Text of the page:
It's not for their products, but for their brains.
Reuters reports that the world's biggest food players, Hain Celestial, Tyson, Pernod-Ricard, Danone, General Mills, Campbell Soup and Kellogg have launched venture capital units over the past 18 months joining Nestle, Unilever, Coca-Cola, PepsiCo and Diageo.
The aim of the strategy, according to Reuters’ interviews with executives, is to buy into - and learn from - the kind of start-up innovation that has become their nemesis, from micro-distilled spirits and cold-pressed juices to kale chips and vegan burgers.
It is classic Silicon Valley and their venture capital playbook.
"It's difficult for companies to have the persistence and to replicate the energy and the passion that these early-stage entrepreneurs have," John Haugen, head of General Mills' venture capital arm 301 Inc. told Reuters adding innovation was extremely tough because of how quickly market trends were changing.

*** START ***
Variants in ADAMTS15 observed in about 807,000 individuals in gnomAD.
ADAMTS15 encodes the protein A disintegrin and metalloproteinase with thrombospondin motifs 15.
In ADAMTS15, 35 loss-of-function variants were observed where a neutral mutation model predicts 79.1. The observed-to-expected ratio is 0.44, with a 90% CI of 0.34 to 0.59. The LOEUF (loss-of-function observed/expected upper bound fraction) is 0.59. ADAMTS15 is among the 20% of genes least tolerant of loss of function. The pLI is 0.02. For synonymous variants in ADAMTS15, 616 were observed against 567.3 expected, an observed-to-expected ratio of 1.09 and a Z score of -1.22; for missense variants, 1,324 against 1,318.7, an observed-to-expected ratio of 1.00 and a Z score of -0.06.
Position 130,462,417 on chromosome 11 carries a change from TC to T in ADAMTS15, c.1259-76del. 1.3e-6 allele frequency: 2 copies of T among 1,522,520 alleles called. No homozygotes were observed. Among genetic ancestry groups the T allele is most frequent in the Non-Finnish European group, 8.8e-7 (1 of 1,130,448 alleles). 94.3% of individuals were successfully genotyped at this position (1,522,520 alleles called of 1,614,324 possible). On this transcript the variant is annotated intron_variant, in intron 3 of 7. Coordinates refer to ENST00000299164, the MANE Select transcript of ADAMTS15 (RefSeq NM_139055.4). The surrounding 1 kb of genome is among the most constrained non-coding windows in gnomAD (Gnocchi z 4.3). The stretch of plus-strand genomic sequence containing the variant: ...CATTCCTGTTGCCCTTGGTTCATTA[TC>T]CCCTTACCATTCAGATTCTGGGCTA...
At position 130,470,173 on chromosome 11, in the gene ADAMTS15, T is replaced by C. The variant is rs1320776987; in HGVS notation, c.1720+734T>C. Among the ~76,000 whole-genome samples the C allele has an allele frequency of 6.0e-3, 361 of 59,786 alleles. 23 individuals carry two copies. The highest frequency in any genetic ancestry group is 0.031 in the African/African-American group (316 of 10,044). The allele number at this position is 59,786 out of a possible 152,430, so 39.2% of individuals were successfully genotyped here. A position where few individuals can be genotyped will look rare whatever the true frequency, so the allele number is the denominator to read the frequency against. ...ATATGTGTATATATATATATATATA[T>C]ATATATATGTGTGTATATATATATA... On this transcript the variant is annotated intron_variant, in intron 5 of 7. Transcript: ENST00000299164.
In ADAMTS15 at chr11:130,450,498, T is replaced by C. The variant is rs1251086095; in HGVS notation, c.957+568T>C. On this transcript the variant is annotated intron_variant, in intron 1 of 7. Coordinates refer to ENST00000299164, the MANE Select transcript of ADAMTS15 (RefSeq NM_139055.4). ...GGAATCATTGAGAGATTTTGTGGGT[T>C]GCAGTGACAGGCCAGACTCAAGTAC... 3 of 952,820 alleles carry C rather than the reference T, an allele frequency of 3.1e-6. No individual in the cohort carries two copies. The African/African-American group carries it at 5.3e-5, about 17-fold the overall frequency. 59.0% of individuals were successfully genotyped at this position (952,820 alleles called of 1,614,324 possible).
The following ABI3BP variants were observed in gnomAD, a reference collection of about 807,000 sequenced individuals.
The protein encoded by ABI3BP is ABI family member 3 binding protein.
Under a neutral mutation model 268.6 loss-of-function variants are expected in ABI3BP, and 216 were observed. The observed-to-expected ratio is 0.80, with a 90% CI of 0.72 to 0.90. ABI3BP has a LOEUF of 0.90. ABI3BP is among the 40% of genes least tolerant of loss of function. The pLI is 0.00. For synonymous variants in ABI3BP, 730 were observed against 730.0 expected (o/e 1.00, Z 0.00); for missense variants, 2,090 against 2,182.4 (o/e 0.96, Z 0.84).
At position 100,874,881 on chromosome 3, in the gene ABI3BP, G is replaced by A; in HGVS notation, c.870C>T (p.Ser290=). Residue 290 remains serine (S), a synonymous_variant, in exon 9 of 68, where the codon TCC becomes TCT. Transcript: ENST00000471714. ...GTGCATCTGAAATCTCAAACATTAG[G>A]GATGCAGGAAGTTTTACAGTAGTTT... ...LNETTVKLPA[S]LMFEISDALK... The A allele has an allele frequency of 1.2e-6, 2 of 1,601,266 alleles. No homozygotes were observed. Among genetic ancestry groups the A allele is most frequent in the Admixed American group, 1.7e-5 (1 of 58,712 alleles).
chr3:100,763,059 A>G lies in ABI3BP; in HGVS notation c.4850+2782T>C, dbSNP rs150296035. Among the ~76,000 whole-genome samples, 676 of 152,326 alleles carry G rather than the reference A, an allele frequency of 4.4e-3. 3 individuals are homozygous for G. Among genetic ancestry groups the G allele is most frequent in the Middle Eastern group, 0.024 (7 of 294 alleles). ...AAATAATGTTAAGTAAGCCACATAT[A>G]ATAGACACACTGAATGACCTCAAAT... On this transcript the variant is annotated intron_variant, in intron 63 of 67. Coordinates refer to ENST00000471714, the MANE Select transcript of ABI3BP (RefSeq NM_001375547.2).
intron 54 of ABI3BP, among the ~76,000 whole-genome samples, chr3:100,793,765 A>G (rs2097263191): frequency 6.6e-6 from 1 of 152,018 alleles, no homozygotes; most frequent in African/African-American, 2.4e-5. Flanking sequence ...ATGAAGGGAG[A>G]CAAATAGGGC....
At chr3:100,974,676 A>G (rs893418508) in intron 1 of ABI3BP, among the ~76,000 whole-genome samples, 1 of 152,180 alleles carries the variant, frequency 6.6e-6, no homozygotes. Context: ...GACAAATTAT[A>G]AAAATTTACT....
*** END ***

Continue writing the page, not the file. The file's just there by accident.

In the United States, small "challenger" brands could account for 15 percent of a $464 billion sector in a decade's time compared with 5 percent now, according to Bernstein Research.
Diageo says the venture arm is changing its culture. The global corporation now makes its marketing managers pitch for their ad budgets, like the entrepreneurs who present at Distill Ventures' laid-back office for 20-30 minutes and get an answer on the spot. Like Shark Tank.
PwC says food and beverage companies accounted for just 3 percent of the $680 billion spent globally on R&D last year.
The risk of buying a successful small brand at substantial cost, rather than investing at a very early stage, is that this will rob the target of the very size and independence that made it cool. Reuters points out one oft-cited example as Kashi cereal, an organic food pioneer whose sales tumbled after it was swallowed by Kellogg.